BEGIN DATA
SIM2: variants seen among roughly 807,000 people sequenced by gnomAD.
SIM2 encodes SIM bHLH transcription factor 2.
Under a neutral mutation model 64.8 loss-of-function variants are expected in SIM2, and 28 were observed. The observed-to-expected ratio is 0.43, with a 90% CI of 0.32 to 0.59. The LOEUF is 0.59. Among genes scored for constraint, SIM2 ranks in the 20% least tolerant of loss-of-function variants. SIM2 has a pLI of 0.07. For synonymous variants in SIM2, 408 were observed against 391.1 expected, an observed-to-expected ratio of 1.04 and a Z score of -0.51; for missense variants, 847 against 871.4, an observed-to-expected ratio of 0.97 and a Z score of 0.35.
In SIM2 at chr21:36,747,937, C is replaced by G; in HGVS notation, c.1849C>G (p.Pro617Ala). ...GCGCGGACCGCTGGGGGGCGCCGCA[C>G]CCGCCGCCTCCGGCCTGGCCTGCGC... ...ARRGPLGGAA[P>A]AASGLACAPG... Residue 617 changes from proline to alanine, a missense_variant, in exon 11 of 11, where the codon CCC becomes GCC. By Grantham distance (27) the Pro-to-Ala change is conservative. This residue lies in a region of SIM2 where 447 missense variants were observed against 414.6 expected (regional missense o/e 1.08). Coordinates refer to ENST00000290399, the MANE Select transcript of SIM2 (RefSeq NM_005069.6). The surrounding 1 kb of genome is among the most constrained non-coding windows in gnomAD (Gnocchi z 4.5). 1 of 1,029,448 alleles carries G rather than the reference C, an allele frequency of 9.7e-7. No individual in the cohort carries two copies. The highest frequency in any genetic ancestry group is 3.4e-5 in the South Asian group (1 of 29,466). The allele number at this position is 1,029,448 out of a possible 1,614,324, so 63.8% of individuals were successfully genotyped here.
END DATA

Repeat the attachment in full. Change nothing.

SIM2: variants seen among roughly 807,000 people sequenced by gnomAD.
SIM2 encodes SIM bHLH transcription factor 2.
Under a neutral mutation model 64.8 loss-of-function variants are expected in SIM2, and 28 were observed. The observed-to-expected ratio is 0.43, with a 90% CI of 0.32 to 0.59. The LOEUF is 0.59. Among genes scored for constraint, SIM2 ranks in the 20% least tolerant of loss-of-function variants. SIM2 has a pLI of 0.07. For synonymous variants in SIM2, 408 were observed against 391.1 expected, an observed-to-expected ratio of 1.04 and a Z score of -0.51; for missense variants, 847 against 871.4, an observed-to-expected ratio of 0.97 and a Z score of 0.35.
In SIM2 at chr21:36,747,937, C is replaced by G; in HGVS notation, c.1849C>G (p.Pro617Ala). ...GCGCGGACCGCTGGGGGGCGCCGCA[C>G]CCGCCGCCTCCGGCCTGGCCTGCGC... ...ARRGPLGGAA[P>A]AASGLACAPG... Residue 617 changes from proline to alanine, a missense_variant, in exon 11 of 11, where the codon CCC becomes GCC. By Grantham distance (27) the Pro-to-Ala change is conservative. This residue lies in a region of SIM2 where 447 missense variants were observed against 414.6 expected (regional missense o/e 1.08). Coordinates refer to ENST00000290399, the MANE Select transcript of SIM2 (RefSeq NM_005069.6). The surrounding 1 kb of genome is among the most constrained non-coding windows in gnomAD (Gnocchi z 4.5). 1 of 1,029,448 alleles carries G rather than the reference C, an allele frequency of 9.7e-7. No individual in the cohort carries two copies. The highest frequency in any genetic ancestry group is 3.4e-5 in the South Asian group (1 of 29,466). The allele number at this position is 1,029,448 out of a possible 1,614,324, so 63.8% of individuals were successfully genotyped here.